New Delhi, Aug. 24: As he heard fists pounding on his hostel room door last week, Lucknow-born 24-year-old Mohsin Iqbal wondered whether he had erred in staying back in Cairo during the semester break at its famous Al-Azhar University, where he studies.
He didn’t know who the fists belonged to. It could have been supporters of Mohamed Mursi, the first elected President of Egypt, propelled into power by the Arab Spring. Or it could have been backers of the Egyptian military that overthrew Mursi in July in a coup that has set off bloody street battles that have already claimed hundreds of lives and threaten to unravel into a civil war.
It didn’t matter once Iqbal opened the door and identified himself as Indian. “That immediately changed their expressions, their attitude,” Iqbal said of the intruders, who turned out to be young pro-Mursi supporters. “They became quiet, and I’ll always remember one of them saying that I would be safe, that neither side would hurt Indians.”
Over 200 Indian students are studying at Al-Azhar University and at least another 2,500 Indian professionals and businessmen are scattered across Cairo and the port cities of Alexandria and Port Said, according to community leaders and officials at the Indian embassy in Egypt.
But a half-century-old relationship of friendship dating back to the personal ties between Jawaharlal Nehru and Gamal Abdel Nasser and India’s persistent care to avoid picking between the military and civilian leaders — a policy criticised by some — are today keeping Indians in Egypt safe.
“As of now, all members of the Indian community are safe,” Indian ambassador to Egypt Navdeep Suri told The Telegraph over the phone from Cairo.
Unlike 2011, when Hosni Mubarak was deposed, Egypt has seen few attacks on foreigners in the violence that has followed Mursi’s ouster.
But while many western nations have advised citizens against travelling to Egypt right now, India has issued no such advice till now. And New Delhi does not — at this moment — foresee a repeat of 2011 when it sent emergency Air India planes to evacuate about 3,500 Indians in Egypt.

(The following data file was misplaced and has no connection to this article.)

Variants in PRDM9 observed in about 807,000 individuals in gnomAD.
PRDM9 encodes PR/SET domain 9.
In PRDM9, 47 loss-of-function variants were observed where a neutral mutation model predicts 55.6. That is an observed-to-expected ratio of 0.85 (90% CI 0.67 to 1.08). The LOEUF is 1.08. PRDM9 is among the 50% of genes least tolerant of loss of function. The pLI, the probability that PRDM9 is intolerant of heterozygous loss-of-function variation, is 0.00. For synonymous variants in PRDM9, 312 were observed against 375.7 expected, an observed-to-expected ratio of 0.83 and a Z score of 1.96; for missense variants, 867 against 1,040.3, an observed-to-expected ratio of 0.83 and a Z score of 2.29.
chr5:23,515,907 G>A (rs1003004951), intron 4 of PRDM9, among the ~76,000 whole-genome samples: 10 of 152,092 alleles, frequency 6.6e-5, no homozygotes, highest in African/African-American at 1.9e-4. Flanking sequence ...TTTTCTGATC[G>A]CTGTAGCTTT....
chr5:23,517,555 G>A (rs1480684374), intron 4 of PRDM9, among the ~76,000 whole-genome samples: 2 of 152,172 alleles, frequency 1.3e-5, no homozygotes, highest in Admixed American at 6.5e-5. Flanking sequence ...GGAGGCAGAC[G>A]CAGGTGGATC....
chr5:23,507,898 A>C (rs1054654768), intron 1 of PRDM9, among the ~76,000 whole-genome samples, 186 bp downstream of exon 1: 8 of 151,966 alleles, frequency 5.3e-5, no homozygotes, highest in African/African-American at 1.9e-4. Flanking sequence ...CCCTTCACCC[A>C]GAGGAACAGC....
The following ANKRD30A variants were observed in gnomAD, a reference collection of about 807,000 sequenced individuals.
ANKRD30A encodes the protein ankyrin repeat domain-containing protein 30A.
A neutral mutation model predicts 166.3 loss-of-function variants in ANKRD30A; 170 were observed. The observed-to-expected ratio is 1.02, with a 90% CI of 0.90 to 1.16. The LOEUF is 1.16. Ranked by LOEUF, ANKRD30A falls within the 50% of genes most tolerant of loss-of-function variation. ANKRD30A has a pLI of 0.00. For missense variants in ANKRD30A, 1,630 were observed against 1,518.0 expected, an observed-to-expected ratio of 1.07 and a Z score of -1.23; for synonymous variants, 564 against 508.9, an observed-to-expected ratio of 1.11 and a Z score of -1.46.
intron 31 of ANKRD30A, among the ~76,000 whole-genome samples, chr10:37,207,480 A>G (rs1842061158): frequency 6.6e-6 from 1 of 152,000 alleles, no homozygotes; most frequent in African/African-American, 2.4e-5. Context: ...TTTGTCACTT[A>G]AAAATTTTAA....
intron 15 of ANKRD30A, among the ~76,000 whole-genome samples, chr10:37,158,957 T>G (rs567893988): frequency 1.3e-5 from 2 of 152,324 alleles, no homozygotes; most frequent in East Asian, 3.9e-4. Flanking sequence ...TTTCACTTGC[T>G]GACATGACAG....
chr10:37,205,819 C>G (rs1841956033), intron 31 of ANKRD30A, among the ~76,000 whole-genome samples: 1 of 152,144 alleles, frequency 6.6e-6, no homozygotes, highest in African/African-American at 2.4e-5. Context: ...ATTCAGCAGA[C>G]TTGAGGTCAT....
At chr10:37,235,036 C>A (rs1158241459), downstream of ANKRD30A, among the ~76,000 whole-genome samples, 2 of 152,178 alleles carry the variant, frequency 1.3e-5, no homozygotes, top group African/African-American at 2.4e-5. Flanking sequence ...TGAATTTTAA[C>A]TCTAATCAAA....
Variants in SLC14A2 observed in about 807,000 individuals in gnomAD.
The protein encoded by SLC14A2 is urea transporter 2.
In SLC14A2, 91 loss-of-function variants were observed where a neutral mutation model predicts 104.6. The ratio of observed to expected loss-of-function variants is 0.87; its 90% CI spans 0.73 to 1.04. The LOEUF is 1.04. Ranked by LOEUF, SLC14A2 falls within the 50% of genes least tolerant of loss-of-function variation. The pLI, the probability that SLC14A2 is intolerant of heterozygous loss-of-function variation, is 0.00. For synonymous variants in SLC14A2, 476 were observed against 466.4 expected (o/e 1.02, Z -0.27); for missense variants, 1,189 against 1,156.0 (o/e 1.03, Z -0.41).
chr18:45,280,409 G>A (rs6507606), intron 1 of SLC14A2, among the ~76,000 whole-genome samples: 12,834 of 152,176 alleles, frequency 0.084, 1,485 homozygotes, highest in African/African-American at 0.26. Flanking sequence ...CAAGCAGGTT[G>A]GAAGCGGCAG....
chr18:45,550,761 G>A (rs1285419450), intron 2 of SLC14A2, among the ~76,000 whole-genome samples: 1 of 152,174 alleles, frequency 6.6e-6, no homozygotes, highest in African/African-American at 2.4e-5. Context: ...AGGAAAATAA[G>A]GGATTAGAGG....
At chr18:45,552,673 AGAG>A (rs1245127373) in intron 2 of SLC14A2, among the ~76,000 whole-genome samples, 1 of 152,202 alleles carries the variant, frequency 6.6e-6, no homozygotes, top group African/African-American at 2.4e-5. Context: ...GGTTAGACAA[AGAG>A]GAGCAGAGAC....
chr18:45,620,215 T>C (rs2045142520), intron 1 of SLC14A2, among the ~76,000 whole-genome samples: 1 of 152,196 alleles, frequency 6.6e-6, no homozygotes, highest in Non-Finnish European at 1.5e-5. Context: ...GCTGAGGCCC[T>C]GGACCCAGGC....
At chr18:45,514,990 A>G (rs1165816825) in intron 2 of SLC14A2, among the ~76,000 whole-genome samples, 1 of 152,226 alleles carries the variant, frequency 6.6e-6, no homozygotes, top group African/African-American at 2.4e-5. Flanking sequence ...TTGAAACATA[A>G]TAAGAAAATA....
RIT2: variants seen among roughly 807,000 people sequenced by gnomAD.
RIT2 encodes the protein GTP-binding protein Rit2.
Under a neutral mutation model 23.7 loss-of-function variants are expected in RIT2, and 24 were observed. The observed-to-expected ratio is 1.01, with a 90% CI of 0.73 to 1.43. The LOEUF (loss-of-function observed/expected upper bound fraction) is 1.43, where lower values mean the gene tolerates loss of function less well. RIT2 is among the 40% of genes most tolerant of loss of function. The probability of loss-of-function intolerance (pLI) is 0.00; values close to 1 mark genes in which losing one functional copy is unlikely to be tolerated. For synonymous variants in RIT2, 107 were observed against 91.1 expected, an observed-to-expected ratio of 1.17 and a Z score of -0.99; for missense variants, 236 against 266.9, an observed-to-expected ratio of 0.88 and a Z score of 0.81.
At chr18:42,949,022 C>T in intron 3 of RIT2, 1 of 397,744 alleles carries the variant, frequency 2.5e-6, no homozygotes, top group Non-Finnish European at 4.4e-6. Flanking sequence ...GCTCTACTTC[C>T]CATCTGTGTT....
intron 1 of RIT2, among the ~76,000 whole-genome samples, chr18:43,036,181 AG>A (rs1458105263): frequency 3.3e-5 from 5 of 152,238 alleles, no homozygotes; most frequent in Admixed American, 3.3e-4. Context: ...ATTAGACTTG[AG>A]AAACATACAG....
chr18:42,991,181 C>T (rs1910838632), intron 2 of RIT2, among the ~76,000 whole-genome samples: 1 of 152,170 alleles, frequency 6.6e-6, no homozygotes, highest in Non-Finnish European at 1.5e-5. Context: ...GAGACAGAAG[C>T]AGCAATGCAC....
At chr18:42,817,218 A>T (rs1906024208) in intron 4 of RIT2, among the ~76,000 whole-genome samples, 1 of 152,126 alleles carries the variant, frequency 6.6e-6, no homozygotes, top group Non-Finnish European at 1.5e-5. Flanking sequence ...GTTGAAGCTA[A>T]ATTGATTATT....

That confidence stems from a combination of efforts taken by the embassy under Suri and the larger public perception in Egypt about Indians, said community members there and diplomats here.
The embassy has established a network of 25 “area wardens” across all neighbourhoods where Indian community members reside. Officials at the embassy speak daily to these wardens — community members in charge of Indians in their neighbourhood — to check on any problems the community may be facing.
Suri has spoken to representatives of each of the 22 Indian companies based in Egypt. The embassy posts regular advisories on neighbourhoods and street routes that it suggests Indians avoid on the embassy’s website.
Over the past weekend, the embassy made over 100 phone calls to Indian community members and Suri met representatives of the students studying at Al-Azhar University.
“These efforts have all made a difference,” said Ashish Walia, Cairo-based country head of German metallurgical engineering giant Messer Castolin Eutectic, who helped the embassy evacuate Indians from Egypt in 2011.
Those efforts have built on history. Nehru, independent India’s first Prime Minister, and Nasser, Egypt’s tallest leader through the 1950s and 1960s, together founded the Non-Aligned Movement aimed at preventing the interests of newly independent developing nations from becoming trapped in the Cold War tussle.
India worked with Nasser’s successors, including Mubarak, and although it was warm to Mursi after he came to power, it carefully avoided committing itself too far.
When Mursi visited India this March, it offered help to the Egyptian army on the one hand, and assistance to the Egyptian election commission to conduct free and fair polls on the other.
“Things are bad in Egypt right now but as far as the Indian community is concerned, things are fine,” Walia said. “All sides see Indians as friends.”